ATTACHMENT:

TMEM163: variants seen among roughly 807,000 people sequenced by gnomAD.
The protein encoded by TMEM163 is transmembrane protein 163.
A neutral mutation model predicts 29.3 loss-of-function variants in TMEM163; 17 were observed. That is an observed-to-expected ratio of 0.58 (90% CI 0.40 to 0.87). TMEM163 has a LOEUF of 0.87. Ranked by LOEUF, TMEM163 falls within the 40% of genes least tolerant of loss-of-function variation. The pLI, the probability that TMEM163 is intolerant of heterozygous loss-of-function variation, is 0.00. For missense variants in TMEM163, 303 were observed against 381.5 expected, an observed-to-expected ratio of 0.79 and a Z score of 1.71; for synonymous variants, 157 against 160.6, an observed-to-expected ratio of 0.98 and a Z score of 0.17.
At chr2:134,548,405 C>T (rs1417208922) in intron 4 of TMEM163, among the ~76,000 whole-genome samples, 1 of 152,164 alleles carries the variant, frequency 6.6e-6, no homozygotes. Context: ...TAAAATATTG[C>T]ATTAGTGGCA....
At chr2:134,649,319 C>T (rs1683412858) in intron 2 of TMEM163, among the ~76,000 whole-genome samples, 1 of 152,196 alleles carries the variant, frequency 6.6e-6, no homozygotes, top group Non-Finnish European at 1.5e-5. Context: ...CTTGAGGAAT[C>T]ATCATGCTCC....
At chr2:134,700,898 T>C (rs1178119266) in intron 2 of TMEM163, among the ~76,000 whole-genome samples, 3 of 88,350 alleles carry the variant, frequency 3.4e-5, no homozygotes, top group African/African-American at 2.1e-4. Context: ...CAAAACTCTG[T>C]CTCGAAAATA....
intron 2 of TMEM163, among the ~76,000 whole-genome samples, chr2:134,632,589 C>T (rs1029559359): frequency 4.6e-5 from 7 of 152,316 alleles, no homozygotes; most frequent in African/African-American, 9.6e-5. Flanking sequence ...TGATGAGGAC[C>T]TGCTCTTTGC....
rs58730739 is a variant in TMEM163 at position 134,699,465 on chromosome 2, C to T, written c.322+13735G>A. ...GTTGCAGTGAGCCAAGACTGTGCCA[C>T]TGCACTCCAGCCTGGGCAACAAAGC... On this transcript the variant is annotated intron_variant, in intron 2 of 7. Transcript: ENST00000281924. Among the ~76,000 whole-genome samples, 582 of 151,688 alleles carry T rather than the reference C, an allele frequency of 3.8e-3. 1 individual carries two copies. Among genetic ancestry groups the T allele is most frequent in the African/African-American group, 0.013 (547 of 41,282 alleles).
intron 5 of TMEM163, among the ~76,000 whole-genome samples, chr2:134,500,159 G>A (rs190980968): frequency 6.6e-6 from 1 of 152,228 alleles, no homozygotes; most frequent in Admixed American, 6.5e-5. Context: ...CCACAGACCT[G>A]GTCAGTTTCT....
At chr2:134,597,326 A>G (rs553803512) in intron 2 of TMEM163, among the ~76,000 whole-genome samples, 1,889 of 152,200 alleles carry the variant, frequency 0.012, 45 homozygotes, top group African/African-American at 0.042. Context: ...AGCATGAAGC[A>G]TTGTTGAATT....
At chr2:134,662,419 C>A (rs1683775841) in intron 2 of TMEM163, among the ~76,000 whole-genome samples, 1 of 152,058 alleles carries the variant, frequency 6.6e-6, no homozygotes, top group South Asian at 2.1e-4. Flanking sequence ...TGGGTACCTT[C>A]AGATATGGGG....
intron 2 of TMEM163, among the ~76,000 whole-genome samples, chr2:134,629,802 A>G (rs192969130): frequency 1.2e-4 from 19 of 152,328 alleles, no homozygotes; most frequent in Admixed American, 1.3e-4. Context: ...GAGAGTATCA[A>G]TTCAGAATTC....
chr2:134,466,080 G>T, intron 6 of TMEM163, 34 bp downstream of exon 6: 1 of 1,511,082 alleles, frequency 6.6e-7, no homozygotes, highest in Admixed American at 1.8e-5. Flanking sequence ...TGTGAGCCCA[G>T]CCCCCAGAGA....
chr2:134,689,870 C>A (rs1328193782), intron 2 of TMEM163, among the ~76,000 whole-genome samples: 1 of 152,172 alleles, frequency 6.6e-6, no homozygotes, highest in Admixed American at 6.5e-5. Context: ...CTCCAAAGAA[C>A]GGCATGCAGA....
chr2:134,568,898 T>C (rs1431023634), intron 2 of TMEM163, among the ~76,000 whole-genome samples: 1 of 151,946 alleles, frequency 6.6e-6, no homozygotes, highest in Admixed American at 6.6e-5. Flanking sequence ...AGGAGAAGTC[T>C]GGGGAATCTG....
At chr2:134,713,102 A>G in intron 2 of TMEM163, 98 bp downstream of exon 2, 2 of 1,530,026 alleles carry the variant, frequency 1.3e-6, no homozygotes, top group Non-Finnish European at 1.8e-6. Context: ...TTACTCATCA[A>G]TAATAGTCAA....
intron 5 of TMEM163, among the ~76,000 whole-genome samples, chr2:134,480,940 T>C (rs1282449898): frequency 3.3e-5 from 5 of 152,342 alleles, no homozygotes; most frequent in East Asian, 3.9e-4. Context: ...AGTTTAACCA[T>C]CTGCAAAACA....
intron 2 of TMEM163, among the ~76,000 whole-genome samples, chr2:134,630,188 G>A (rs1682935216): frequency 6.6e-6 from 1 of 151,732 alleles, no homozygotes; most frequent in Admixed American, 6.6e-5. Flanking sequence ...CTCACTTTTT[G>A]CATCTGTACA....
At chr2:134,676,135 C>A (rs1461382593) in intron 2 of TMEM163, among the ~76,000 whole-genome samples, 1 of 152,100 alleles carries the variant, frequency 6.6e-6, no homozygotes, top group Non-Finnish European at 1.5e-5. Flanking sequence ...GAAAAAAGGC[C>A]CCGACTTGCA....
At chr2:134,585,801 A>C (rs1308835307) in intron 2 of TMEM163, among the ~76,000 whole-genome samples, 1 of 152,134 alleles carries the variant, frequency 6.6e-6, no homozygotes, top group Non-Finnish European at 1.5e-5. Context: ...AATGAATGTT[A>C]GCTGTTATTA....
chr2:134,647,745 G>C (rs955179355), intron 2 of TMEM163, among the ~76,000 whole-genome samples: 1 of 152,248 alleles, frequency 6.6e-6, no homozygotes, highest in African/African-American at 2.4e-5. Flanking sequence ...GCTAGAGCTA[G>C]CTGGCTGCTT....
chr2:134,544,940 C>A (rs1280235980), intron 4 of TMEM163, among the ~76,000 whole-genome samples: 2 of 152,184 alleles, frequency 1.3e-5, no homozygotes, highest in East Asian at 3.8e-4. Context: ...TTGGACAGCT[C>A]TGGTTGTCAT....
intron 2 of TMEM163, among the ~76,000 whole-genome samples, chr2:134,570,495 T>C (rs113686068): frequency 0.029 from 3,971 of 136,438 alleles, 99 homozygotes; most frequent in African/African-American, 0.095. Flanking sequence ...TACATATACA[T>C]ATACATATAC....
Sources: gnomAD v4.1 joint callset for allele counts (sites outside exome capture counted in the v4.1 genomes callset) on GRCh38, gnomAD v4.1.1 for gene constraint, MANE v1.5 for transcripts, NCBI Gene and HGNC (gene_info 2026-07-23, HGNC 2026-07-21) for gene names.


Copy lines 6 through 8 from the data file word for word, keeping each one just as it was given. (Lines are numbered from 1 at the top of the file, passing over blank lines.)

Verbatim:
At chr2:134,700,898 T>C (rs1178119266) in intron 2 of TMEM163, among the ~76,000 whole-genome samples, 3 of 88,350 alleles carry the variant, frequency 3.4e-5, no homozygotes, top group African/African-American at 2.1e-4. Context: ...CAAAACTCTG[T>C]CTCGAAAATA....
intron 2 of TMEM163, among the ~76,000 whole-genome samples, chr2:134,632,589 C>T (rs1029559359): frequency 4.6e-5 from 7 of 152,316 alleles, no homozygotes; most frequent in African/African-American, 9.6e-5. Flanking sequence ...TGATGAGGAC[C>T]TGCTCTTTGC....
rs58730739 is a variant in TMEM163 at position 134,699,465 on chromosome 2, C to T, written c.322+13735G>A. ...GTTGCAGTGAGCCAAGACTGTGCCA[C>T]TGCACTCCAGCCTGGGCAACAAAGC... On this transcript the variant is annotated intron_variant, in intron 2 of 7. Transcript: ENST00000281924. Among the ~76,000 whole-genome samples, 582 of 151,688 alleles carry T rather than the reference C, an allele frequency of 3.8e-3. 1 individual carries two copies. Among genetic ancestry groups the T allele is most frequent in the African/African-American group, 0.013 (547 of 41,282 alleles).